"It shall not be lawful for any person to lay out, survey, grade, construct, or run any road or railway, or make any other public improvement within, through or over any street, or public or private grounds in any portion of the city, or build, erect, or construct across Buffalo Bayou any bridge without the consent of the city council first had and obtained. Each day that such unlawful work progresses, or such unlawful structure remains, shall be held to be a separate offense. (Code 1942, S 2002.)"

    Violation of this ordinance, and conviction thereof, carries with it a penalty. The remedy of the plaintiffs in the situation with which they are confronted is to seek the consent of the City Council to improve and open the easement in a reasonable manner so as to obtain the benefit of their property right while protecting the members of the public who would inevitably use such an open way. If the City arbitrarily or unreasonably refuses to grant such consent, *183 then proceedings for writ of mandamus may be brought to compel such consent. While many of our decisions declare, without qualification or exception, that mandamus will not issue to compel the performance of an act which involves an exercise of discretion or judgment, this rule is not without limitation, and the writ may issue in a proper case to correct a clear abuse of discretion. Crane v. Tunks, 160 Tex. 182, 328 S.W.2d 434 (1959); Womack v. Berry, 156 Tex. 44, 291 S.W.2d 677 (1956); City of Houston v. Adams, 154 Tex. 448, 279 S.W.2d 308 (1955); Stakes v. Rogers, 139 Tex. 650, 165 S.W.2d 81 (1942); City of San Antonio v. Zogheib, 129 Tex. 141, 101 S.W.2d 539 (1937). This is especially so where there is no adequate remedy at law.

    As we view the evidence in this record, it is conclusively established that the area of Houston in which the Bayou Woods subdivision is located is a thoroughly developed suburban area, more or less thickly populated, which has been an integral part of the City for a number of years, as opposed to an area which has been annexed to the City relatively recently, the streets of which are not in wide use or great demand by reason of population or development. Furthermore, as discussed earlier in this opinion, it is well settled that the plaintiffs have a property right in and to the portion of Buckingham Drive in dispute; this right is entitled to consideration by the City. If the City wants the street closed, it may take such action under Article 4646a, supra. It has not chosen to do so. We do not have the question before us as to whether this would constitute a "taking" of property so as to require compensation. While Dykes, as a matter of common law, had the right to improve the street, he must do so, as pointed out above, in compliance with the City's ordinances. If the City refuses his requests to personally improve the easement, his remedy will be to preserve his rights in a proper legal forum rather than by "self-help"; if Dykes persists in improving the street without a permit, the City's remedy is by injunction.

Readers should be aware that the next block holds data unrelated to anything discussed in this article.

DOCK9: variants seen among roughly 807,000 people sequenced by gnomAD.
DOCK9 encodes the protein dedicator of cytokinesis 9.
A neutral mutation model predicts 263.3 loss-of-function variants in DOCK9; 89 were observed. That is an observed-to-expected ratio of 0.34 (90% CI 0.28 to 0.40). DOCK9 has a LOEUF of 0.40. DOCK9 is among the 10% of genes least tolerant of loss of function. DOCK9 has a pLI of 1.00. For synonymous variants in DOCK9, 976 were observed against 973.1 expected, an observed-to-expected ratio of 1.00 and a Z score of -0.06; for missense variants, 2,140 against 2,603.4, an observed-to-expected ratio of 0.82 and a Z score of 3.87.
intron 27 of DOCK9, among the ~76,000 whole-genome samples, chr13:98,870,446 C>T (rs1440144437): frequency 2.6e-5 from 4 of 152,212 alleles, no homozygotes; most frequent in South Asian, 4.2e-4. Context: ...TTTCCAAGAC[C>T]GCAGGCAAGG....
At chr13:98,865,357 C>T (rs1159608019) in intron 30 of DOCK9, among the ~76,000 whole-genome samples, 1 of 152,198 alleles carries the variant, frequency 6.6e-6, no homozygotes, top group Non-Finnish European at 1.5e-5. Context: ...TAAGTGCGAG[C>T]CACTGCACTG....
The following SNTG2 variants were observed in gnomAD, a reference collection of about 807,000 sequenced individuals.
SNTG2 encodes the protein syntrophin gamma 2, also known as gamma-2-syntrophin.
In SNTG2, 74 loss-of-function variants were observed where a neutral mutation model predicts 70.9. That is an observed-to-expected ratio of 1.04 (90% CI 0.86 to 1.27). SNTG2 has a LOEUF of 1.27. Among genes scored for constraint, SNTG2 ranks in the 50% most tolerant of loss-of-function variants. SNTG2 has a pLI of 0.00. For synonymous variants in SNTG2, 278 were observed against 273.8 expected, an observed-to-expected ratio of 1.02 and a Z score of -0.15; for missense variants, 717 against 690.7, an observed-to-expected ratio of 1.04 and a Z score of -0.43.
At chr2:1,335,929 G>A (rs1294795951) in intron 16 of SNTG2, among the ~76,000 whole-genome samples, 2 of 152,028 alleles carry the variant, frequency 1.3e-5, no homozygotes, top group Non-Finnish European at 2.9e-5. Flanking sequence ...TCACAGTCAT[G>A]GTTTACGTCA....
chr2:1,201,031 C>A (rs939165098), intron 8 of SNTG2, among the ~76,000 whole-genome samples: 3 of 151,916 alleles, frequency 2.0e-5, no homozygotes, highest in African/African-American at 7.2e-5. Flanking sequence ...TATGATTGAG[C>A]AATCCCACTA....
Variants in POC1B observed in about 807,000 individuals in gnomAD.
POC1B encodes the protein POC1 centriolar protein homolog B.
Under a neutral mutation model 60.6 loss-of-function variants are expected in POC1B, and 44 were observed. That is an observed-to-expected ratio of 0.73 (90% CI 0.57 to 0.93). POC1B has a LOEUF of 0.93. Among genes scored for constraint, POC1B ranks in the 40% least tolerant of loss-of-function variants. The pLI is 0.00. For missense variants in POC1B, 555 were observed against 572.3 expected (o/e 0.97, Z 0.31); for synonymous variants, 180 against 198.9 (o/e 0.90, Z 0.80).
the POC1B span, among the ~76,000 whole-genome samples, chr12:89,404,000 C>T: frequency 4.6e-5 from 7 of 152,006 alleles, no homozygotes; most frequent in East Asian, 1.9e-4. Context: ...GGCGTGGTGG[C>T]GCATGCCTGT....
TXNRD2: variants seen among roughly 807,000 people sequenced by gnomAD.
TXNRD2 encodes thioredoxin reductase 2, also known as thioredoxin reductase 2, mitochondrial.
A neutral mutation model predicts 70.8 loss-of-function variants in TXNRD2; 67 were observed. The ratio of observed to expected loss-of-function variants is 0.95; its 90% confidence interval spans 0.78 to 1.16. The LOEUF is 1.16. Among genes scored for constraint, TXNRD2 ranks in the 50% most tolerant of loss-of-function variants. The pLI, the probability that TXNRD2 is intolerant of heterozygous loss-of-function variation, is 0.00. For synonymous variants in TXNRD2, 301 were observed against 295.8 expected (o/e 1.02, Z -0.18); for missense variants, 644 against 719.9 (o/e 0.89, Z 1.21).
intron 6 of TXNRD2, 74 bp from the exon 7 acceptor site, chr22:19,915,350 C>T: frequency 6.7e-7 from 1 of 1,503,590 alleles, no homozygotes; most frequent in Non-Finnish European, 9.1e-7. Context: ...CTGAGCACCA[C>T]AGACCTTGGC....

Meanwhile, however, the City's proof is that citizens may be injured by falling or driving into holes or other hazards created by Dykes. It will be assumed that the City may erect temporary signs or local barriers to warn and protect the public from injury. As stated in 2 Elliott, Roads and Streets, 4th Edition, Section 801, pp. 1027-29:

    "The responsibility of the authorities for the condition of a highway begins when they have actually opened it for public use * * * and where it is not opened for public use, and the public are properly notified of that fact by barriers, or other means, there is no liability on the part of the corporation to a traveler injured on the road * * *. Whenever the authorities throw a highway open for travel, or invite or induce travel thereon by any other means, the duty to keep it in repair arises, and they will be liable, in a proper case, for failing to perform that duty. This is also true, as a rule, where a city tacitly permits a thoroughfare to be used as a public street, although it was not originally laid out or established under city authority."

    The reasonableness and necessity of the erection of signs or barricades by the City are not before us. Suffice it to say that any device erected must be for the purpose of protecting people from injury and may not be erected for the purpose of preventing the plaintiffs from at least walking in and along the easement.

    We have therefore concluded that the plaintiffs have easements and are entitled to make reasonable use of those easements. The City has completely barred this use by the erection of the permanent, metal barricade. The trial court correctly held that this barricade must be removed.

    The judgment of the Court of Civil Appeals is reversed and the judgment of the trial court commanding the City to remove the permanent barricade is affirmed. However, this judgment is without prejudice *184 to the right of the City to erect any local barriers, signs, or other devices which are reasonably necessary to protect the public from danger and which do not interfere with plaintiffs' use of their private easements.